An Edmonton woman who works in medical sales and flies frequently for work is speaking out after she says nearly every seat on her Air Canada flight home from Toronto earlier this week was full, amid the COVID-19 pandemic.
Last Saturday, Lydia Dyck flew with WestJet to Toronto for work. She said the experience was great.
“WestJet kept all the middle seats in economy class open, so we didn’t feel packed,” she said Wednesday. “Lysol wipes were provided when we walked on, and it seemed like they had a handle on the whole COVID situation.”
But when she flew home Monday with Air Canada, she said the in-flight experience was much different.
“Different experience for sure. The plane was packed. There were many middle seats taken and I felt like the whole dynamic was a little bit hectic. It felt a lot different,” she said. “I was a little disappointed.
“In no shape or form were you even close to six feet distancing, which I understand, a plane you can’t do it. But at least make an effort to provide some spacing because the distance between people’s heads in the rows that were completely full was like a hand.”
Dyck said she was asked some pre-screening questions before boarding the flight — did she have a fever or a cough, and had she tested positive for COVID-19. And all passengers were required to wear masks. But Dyck said she hoped for more.
“There are other measures you can take for sure to make it even more safe,” she said.
“I was just expecting that there would be a little bit of room between the passengers,” she said. “Maybe wipes would be passed around. That’s always handy and helpful, especially if people want to wipe their space down — even if it already has been — people are frightened.”
In a statement to Global News, Air Canada said it views reducing the risk to the travelling public as a “multi-layered approach.”
“It’s important to remember that while all of us would welcome a single measure we can take, in reality, we are left to use a combination of approaches to mitigate the risk as far as practical. As the Public Health Agency of Canada, the WHO and numerous other health experts worldwide state, the use of nose and mouth coverings in instances where physical distancing is not always possible is a practical consideration,” the statement read.
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“We focus on a series of initiatives that work together: temperature and symptom screening, use of masks covering nose and mouth and other PPE, physical distancing by way of additional space onboard, cleaning and disinfection, contact tracing and finally measures that we impose on the operating crew.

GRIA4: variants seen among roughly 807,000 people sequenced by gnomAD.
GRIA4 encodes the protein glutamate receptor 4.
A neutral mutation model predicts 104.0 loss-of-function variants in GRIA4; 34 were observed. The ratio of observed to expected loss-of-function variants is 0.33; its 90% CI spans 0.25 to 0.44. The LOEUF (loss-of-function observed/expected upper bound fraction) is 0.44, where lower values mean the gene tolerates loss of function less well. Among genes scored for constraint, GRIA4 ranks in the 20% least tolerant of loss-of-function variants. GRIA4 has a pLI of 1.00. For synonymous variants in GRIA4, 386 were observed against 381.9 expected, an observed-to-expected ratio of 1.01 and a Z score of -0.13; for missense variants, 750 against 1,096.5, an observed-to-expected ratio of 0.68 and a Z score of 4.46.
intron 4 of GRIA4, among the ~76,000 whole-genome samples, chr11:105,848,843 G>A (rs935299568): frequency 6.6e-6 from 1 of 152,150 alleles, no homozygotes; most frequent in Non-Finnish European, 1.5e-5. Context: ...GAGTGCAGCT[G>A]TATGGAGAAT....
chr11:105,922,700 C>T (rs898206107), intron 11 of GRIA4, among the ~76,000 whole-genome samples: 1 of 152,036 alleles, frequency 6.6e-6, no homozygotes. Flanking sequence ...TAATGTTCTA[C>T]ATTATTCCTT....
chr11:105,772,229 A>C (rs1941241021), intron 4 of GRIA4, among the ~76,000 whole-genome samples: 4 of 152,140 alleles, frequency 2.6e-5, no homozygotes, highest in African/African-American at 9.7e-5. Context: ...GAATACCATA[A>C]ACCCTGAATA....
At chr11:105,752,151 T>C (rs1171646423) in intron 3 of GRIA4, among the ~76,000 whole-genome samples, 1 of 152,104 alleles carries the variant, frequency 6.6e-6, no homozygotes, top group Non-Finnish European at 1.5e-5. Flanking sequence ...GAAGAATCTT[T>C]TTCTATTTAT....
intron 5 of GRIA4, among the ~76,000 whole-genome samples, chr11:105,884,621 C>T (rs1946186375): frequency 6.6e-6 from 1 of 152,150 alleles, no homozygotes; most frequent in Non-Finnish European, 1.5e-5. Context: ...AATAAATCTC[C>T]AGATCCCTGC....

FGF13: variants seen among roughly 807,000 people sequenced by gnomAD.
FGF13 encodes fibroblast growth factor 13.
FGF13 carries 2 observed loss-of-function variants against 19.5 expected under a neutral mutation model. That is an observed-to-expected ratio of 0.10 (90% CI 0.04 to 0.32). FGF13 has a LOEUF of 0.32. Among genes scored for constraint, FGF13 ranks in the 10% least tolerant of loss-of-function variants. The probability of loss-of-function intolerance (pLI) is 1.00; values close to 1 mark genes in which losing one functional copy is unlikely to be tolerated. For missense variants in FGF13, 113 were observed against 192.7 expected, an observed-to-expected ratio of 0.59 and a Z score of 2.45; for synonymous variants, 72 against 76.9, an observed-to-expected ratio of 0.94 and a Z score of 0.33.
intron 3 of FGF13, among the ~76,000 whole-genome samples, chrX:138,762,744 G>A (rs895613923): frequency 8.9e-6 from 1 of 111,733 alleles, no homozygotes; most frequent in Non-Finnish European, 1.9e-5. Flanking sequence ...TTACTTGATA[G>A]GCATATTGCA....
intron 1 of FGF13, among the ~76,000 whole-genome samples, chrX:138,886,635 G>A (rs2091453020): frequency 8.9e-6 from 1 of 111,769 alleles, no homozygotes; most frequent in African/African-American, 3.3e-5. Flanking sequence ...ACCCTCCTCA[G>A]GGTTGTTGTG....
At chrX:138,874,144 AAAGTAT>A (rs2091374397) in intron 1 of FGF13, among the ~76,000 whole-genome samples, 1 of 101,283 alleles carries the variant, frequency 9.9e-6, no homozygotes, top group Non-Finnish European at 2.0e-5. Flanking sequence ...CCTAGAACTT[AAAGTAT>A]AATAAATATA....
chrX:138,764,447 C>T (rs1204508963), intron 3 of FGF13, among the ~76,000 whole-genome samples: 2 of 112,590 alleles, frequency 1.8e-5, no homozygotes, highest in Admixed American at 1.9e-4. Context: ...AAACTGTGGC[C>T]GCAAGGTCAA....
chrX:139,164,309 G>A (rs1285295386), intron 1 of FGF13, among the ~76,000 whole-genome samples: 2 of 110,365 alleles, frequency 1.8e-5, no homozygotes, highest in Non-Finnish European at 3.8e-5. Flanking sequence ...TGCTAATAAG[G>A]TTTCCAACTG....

“And on May 15, we are implementing an enhanced and automated extension of physical distancing measures we already had in place since early April. Previously, on flights where possible, our gate agents had proactively re-seated customers to have as few people sitting next to one another as possible, and if that was not possible, customers have an option to travel on a later flight at no additional cost.”
In a video posted on social media on May 4, Air Canada’s president and CEO said the airline’s first priority is the health, safety and well-being of its customers and staff.
“In the coming days we will launch a new protocol for safety, cleanliness and hygiene throughout a passenger’s journey,” Calin Rovinescu said.
“Social distancing will be emphasized. It will be enacted at airport check-ins, security queues, in our lounges, at airport gates, during the boarding process and onboard our aircraft.”
Dyck said she saw the new policy on the airline’s website before her flight, but questions why it hasn’t already been implemented.
“The clean initiative is really a great step in the right direction but it needs to be implemented immediately,” she said.
“I think it’s unacceptable. I think if you’re going to throw a mandate out there, make it count. Do it right away. We need it now, don’t advertise it and then postpone it until we need it less. Right now we’re in the heat of it.”
When asked by Global News why the policies aren’t in effect now, Air Canada did not respond.
With files from Sarah Ryan, Global News.